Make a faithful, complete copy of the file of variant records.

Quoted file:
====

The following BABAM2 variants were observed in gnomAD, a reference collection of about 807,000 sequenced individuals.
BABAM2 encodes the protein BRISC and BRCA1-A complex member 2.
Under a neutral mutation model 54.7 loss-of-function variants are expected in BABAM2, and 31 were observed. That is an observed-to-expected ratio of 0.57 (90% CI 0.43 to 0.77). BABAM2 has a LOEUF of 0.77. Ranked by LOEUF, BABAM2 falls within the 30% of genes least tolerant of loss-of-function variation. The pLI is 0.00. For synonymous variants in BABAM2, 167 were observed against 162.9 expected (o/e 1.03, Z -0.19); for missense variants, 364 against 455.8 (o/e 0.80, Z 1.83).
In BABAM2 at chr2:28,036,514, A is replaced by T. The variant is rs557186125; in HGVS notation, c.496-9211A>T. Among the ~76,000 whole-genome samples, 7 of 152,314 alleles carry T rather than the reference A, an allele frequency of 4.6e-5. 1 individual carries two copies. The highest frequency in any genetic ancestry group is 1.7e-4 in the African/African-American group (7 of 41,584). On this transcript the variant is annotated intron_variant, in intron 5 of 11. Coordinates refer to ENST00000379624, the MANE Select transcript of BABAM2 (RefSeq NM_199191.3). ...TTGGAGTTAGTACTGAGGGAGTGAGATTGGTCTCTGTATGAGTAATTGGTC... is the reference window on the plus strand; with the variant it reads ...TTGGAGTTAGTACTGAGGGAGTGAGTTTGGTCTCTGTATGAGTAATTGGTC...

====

The following BABAM2 variants were observed in gnomAD, a reference collection of about 807,000 sequenced individuals.
BABAM2 encodes the protein BRISC and BRCA1-A complex member 2.
Under a neutral mutation model 54.7 loss-of-function variants are expected in BABAM2, and 31 were observed. That is an observed-to-expected ratio of 0.57 (90% CI 0.43 to 0.77). BABAM2 has a LOEUF of 0.77. Ranked by LOEUF, BABAM2 falls within the 30% of genes least tolerant of loss-of-function variation. The pLI is 0.00. For synonymous variants in BABAM2, 167 were observed against 162.9 expected (o/e 1.03, Z -0.19); for missense variants, 364 against 455.8 (o/e 0.80, Z 1.83).
In BABAM2 at chr2:28,036,514, A is replaced by T. The variant is rs557186125; in HGVS notation, c.496-9211A>T. Among the ~76,000 whole-genome samples, 7 of 152,314 alleles carry T rather than the reference A, an allele frequency of 4.6e-5. 1 individual carries two copies. The highest frequency in any genetic ancestry group is 1.7e-4 in the African/African-American group (7 of 41,584). On this transcript the variant is annotated intron_variant, in intron 5 of 11. Coordinates refer to ENST00000379624, the MANE Select transcript of BABAM2 (RefSeq NM_199191.3). ...TTGGAGTTAGTACTGAGGGAGTGAGATTGGTCTCTGTATGAGTAATTGGTC... is the reference window on the plus strand; with the variant it reads ...TTGGAGTTAGTACTGAGGGAGTGAGTTTGGTCTCTGTATGAGTAATTGGTC...